The past few weeks have brought me to a couple of intriguing talks, which I’m just getting my head around now. First was one by the authors of Dollarocracy. The second was Common Cause RI’s Annual Meeting, which featured a keynote speech by Prof. Sanford Levinson about rethinking the U.S. Constitution. It had seemed timely during the shutdown, though during his speech the U.S. Congress began the process of voting to reopen the government. The heart of Levinson’s argument (as I remember it) was that if the most we interact with the U.S. Constitution is through interpretations of the Bill of Rights and a handful of the amendments, then we’re not really interacting with the document. After all, if the meaning of a comma and the militia clause in the 2nd Amendment is The Great Constitutional Debate of the day, then we’re really debating a really tiny fraction of the document. We’re leaving so many of the provisions of the Constitution alone. “Like bicameralism!” Levinson exclaimed, more than once in his speech. He was really negative about bicameralism in state constitutions. Maybe it was just the repetition, but that stuck with me.
I’ve discussed the idea of a unicameral legislature before, and GoLocalProv’s Dan Lawlor has also suggested it’s not a terrible idea. And should a Rhode Islanders approve a state Constitutional Convention in 2014, I think it’s something we should really discuss. Let’s talk about how weird our bicameralism is.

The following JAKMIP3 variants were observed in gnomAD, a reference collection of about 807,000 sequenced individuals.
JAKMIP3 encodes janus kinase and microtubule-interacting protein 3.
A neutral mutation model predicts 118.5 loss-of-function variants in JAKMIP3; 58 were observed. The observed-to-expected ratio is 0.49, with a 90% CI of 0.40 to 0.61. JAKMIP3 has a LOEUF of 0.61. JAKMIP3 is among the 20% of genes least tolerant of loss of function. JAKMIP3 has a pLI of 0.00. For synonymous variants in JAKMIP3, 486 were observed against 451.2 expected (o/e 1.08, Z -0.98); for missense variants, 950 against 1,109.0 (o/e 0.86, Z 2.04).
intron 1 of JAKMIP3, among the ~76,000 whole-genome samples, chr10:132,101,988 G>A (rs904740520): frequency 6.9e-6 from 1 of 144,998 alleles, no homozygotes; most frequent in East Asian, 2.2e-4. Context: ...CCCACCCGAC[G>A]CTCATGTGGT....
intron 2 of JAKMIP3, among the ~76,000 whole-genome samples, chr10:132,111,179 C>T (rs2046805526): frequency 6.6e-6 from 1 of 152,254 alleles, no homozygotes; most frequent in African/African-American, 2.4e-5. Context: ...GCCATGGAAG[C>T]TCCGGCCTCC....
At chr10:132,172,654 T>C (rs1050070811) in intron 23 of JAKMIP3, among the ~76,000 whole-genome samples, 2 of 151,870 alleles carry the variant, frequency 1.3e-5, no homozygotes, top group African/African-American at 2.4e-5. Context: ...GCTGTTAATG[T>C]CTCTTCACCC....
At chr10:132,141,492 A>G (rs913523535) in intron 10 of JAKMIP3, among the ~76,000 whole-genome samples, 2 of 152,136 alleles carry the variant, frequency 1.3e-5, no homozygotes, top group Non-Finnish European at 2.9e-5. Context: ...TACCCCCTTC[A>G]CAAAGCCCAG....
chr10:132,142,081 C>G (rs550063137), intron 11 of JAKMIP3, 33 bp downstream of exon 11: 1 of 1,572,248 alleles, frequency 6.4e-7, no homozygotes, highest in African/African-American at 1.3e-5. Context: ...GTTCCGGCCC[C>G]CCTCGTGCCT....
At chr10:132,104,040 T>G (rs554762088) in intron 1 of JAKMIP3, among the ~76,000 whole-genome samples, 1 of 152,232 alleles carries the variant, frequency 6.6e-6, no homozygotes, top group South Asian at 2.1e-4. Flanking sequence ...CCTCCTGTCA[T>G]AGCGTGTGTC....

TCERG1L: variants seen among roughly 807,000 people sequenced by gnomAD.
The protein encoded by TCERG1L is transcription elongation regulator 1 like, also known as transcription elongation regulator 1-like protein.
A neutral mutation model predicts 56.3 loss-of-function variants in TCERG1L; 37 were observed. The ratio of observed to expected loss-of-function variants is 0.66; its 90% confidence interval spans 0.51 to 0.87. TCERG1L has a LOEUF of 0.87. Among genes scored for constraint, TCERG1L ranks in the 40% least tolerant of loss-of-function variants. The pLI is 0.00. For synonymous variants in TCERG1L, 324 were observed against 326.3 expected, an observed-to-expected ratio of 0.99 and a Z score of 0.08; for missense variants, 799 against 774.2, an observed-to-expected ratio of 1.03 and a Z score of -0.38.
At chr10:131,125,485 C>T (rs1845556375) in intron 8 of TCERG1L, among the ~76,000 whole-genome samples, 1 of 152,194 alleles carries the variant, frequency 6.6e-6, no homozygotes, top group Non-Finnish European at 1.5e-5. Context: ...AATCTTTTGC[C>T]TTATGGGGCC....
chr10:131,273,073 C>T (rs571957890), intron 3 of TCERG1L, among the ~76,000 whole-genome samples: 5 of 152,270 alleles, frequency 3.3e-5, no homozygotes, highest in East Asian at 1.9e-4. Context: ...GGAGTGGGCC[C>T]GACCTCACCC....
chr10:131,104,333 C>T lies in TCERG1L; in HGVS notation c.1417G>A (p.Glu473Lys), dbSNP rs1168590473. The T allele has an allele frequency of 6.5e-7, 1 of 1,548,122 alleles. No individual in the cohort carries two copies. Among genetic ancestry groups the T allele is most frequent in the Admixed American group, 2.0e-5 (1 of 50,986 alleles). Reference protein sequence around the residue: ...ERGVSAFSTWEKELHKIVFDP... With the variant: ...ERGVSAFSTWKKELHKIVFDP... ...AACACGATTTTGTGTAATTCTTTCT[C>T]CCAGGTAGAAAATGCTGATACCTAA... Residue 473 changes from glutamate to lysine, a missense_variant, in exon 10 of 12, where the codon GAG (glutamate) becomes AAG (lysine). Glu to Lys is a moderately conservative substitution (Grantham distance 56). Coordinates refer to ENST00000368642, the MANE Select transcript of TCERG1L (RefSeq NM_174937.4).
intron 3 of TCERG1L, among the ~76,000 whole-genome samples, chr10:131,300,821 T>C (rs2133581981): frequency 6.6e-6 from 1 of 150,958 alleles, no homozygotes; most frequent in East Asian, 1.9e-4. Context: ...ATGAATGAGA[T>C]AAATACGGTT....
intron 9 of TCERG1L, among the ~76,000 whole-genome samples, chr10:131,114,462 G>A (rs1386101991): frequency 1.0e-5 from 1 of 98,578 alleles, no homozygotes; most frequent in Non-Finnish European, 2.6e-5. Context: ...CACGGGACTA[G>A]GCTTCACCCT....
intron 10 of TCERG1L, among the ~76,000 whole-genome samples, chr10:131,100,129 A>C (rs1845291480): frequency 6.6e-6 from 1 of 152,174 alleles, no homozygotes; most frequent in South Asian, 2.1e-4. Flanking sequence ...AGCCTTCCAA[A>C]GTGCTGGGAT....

Ostensibly, state bicameralism is based on the national bicameralism. A state Senate is supposed to mirror the U.S. Senate; its members represent a lower rung of government (states in the U.S. Senate, municipalities – originally – in the R.I. Senate) rather than a number of people. In Rhode Island, for a long time, that was how things were: there were an equal number of senators to towns and cities. In practice, this kept the Republican Party in power far longer than they should have been, and it wasn’t until the Bloodless Revolution in the 1930s that that changed. Similarly, a state House of Representatives is supposed to represent the people, and thus are tied to districts rather than government areas. Because it represents the People, the House is usually where a budget originates from.
In Rhode Island, this difference doesn’t exist any more. Rhode Island really just has two Houses of Representatives; the big one which produces the budget and the small one approves appointments. Other legislation It’s not a great system because it’s mostly redundant, but it’s not a totally broken system, because it’s more or less worked for a long time.
What if we applied the principles of bicameralism to other branches of government though? Like, what if instead of a single Governor we had two Co-Governors, each elected to four-year terms but elected in syncopated cycles. And what if, like the legislature, it took the signature of both Co-Governors to pass legislation? If both were from the same party, perhaps there would be negotiation and they’d pretty much agree. But if different parties each held a Co-Governorship… expect nothing to get done.